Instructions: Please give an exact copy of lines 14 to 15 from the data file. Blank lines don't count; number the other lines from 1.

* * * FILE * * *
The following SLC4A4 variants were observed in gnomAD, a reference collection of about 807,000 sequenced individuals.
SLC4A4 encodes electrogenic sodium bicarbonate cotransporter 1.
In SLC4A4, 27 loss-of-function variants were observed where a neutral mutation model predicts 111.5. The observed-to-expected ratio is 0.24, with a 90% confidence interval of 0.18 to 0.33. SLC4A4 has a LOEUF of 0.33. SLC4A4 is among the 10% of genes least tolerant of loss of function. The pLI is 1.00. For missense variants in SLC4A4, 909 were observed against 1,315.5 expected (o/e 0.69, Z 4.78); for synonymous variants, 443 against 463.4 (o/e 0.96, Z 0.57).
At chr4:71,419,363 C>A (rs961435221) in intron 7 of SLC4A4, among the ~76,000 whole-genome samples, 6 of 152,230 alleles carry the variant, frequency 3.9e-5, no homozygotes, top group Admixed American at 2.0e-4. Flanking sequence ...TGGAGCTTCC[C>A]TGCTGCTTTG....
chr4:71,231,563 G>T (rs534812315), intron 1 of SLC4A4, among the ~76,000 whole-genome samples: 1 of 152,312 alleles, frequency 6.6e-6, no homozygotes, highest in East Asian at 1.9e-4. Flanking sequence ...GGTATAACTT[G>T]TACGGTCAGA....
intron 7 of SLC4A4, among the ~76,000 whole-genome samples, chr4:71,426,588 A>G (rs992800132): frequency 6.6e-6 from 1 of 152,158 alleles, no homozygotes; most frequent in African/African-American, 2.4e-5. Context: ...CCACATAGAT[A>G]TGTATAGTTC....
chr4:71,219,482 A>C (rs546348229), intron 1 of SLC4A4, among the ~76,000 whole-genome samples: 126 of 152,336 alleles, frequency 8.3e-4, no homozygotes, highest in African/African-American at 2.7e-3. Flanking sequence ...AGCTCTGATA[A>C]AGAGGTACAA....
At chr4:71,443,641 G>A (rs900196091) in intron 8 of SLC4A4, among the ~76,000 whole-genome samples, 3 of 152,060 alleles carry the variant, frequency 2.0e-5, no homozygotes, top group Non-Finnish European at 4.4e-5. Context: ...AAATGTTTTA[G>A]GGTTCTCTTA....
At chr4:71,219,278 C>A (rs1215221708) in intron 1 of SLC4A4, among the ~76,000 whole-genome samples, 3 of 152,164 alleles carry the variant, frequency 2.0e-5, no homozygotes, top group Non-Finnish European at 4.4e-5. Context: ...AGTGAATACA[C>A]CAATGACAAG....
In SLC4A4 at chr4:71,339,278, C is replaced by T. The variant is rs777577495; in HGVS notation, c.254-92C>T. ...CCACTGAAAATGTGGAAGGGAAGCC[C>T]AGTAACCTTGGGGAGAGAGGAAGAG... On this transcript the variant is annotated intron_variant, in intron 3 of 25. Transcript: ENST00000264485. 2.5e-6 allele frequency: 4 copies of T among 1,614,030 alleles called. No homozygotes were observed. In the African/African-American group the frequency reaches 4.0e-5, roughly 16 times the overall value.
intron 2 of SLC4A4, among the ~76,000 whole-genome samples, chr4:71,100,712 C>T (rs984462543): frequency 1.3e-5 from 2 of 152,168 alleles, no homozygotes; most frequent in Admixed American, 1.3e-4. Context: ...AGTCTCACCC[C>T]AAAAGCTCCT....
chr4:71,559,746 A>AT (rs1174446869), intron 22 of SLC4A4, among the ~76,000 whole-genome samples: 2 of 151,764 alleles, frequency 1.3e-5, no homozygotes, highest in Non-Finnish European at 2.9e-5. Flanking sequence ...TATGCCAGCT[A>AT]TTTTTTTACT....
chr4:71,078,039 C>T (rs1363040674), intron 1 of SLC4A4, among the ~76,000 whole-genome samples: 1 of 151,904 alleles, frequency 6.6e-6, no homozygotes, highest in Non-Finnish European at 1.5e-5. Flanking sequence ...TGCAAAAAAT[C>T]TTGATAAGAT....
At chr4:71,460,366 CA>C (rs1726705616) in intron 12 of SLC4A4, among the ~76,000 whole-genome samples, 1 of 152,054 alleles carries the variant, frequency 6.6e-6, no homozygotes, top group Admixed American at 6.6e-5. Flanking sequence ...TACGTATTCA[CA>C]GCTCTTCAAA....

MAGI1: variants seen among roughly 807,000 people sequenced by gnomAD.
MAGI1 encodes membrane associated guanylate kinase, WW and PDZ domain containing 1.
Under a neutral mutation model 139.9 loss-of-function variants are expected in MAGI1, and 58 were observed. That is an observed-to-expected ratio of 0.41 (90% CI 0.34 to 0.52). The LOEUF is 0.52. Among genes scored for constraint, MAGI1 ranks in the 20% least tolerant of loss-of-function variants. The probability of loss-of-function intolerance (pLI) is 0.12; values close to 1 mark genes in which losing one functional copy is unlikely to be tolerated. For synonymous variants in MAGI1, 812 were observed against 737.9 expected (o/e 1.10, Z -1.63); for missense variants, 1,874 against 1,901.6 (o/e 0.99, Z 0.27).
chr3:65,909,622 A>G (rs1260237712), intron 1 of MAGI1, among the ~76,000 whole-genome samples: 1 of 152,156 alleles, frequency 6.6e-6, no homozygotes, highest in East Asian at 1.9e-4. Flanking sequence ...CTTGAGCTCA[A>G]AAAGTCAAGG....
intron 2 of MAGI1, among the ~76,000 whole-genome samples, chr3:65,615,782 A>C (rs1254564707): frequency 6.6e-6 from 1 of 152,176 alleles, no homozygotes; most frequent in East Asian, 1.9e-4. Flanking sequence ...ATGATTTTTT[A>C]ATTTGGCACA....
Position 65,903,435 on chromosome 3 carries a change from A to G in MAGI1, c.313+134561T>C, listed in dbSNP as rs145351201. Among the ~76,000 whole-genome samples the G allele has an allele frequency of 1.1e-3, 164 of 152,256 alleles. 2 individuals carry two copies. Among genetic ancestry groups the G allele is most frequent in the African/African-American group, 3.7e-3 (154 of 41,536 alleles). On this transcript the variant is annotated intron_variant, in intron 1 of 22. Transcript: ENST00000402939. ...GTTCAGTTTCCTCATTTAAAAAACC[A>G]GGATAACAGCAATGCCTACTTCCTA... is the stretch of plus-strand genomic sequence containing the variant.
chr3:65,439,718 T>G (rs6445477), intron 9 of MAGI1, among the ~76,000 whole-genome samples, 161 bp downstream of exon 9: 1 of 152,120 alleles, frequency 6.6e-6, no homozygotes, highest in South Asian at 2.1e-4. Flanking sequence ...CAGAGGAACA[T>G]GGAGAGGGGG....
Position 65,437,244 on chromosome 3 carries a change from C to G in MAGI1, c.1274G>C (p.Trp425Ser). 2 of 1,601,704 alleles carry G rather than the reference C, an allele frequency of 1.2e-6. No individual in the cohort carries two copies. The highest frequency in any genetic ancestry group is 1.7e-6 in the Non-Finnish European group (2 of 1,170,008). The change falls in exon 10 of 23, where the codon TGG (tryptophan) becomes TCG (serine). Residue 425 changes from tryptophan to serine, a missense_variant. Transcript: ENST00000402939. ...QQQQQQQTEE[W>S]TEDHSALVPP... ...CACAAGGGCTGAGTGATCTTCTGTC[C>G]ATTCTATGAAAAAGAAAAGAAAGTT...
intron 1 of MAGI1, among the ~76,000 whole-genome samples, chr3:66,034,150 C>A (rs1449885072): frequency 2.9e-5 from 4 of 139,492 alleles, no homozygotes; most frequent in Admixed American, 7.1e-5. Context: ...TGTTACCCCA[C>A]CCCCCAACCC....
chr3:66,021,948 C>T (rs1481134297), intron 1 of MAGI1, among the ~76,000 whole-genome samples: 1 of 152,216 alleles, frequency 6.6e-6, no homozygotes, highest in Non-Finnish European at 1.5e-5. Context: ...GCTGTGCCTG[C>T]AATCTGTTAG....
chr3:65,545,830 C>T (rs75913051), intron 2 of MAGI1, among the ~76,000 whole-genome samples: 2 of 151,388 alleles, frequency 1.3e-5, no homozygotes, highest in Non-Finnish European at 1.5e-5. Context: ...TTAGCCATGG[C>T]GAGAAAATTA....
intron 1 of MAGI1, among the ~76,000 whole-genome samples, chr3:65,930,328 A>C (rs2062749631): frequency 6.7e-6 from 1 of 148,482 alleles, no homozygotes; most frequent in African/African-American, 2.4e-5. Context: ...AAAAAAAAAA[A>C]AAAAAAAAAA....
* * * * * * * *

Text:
At chr4:71,460,366 CA>C (rs1726705616) in intron 12 of SLC4A4, among the ~76,000 whole-genome samples, 1 of 152,054 alleles carries the variant, frequency 6.6e-6, no homozygotes, top group Admixed American at 6.6e-5. Flanking sequence ...TACGTATTCA[CA>C]GCTCTTCAAA....

MAGI1: variants seen among roughly 807,000 people sequenced by gnomAD.